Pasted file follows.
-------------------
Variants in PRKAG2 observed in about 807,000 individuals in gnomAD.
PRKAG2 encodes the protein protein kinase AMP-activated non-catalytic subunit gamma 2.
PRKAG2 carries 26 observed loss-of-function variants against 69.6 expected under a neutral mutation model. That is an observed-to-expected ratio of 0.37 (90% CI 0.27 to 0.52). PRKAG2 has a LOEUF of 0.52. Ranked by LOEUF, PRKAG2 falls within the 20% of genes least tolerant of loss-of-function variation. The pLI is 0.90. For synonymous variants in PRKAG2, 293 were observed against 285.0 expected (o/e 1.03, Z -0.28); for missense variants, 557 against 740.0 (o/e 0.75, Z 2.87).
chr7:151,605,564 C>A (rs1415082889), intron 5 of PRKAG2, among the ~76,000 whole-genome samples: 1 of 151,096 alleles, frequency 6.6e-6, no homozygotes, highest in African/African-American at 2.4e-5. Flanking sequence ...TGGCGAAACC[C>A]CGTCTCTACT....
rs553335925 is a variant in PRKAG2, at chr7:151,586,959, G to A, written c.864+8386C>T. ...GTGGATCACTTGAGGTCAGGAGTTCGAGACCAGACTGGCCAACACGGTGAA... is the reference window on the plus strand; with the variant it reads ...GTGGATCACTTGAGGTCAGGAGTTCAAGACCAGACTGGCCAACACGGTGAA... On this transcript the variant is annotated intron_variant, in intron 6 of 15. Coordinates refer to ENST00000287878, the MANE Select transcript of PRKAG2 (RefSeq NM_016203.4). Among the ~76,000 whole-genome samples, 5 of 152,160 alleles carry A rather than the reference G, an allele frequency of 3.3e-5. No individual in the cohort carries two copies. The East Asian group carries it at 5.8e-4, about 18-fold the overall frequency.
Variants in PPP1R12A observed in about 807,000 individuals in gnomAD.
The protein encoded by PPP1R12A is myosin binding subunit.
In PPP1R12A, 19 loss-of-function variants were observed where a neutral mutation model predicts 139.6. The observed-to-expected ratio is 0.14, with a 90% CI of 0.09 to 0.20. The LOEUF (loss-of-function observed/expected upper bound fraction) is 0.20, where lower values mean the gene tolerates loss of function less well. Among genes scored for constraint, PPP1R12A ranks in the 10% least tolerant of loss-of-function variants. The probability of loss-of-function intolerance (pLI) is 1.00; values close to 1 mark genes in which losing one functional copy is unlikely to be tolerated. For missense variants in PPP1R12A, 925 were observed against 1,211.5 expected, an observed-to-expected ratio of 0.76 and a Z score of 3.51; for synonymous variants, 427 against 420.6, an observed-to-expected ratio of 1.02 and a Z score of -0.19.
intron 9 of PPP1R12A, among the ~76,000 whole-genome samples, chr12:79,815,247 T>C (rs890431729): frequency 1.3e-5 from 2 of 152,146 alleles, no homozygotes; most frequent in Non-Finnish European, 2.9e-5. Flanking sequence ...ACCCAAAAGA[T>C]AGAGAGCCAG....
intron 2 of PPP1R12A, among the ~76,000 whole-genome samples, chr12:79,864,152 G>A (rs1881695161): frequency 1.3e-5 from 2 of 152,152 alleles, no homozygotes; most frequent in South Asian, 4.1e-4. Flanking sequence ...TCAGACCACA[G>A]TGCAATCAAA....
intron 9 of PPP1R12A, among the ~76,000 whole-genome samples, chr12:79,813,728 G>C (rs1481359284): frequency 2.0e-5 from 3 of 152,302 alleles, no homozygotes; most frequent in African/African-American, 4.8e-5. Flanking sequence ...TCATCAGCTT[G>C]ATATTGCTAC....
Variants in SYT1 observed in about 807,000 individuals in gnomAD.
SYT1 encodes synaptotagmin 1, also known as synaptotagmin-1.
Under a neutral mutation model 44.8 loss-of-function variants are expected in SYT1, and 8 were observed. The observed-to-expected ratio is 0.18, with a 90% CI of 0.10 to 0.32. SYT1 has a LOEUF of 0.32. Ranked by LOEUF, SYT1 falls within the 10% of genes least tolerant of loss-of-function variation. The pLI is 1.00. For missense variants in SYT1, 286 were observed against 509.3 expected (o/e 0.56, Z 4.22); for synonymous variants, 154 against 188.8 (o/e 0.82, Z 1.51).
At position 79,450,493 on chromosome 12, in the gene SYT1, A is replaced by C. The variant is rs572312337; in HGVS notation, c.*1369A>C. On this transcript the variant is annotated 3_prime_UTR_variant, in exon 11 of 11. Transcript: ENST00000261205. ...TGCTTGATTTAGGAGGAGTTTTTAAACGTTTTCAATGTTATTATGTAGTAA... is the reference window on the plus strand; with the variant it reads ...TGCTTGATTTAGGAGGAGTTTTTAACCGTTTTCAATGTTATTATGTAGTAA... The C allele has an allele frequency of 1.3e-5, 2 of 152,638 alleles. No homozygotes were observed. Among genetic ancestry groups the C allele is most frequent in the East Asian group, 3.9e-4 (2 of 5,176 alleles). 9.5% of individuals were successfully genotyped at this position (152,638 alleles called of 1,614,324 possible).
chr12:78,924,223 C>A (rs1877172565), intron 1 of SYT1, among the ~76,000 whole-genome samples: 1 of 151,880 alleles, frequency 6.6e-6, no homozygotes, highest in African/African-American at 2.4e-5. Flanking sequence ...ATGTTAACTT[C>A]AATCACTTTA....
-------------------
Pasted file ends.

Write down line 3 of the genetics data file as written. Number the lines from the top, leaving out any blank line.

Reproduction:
PRKAG2 carries 26 observed loss-of-function variants against 69.6 expected under a neutral mutation model. That is an observed-to-expected ratio of 0.37 (90% CI 0.27 to 0.52). PRKAG2 has a LOEUF of 0.52. Ranked by LOEUF, PRKAG2 falls within the 20% of genes least tolerant of loss-of-function variation. The pLI is 0.90. For synonymous variants in PRKAG2, 293 were observed against 285.0 expected (o/e 1.03, Z -0.28); for missense variants, 557 against 740.0 (o/e 0.75, Z 2.87).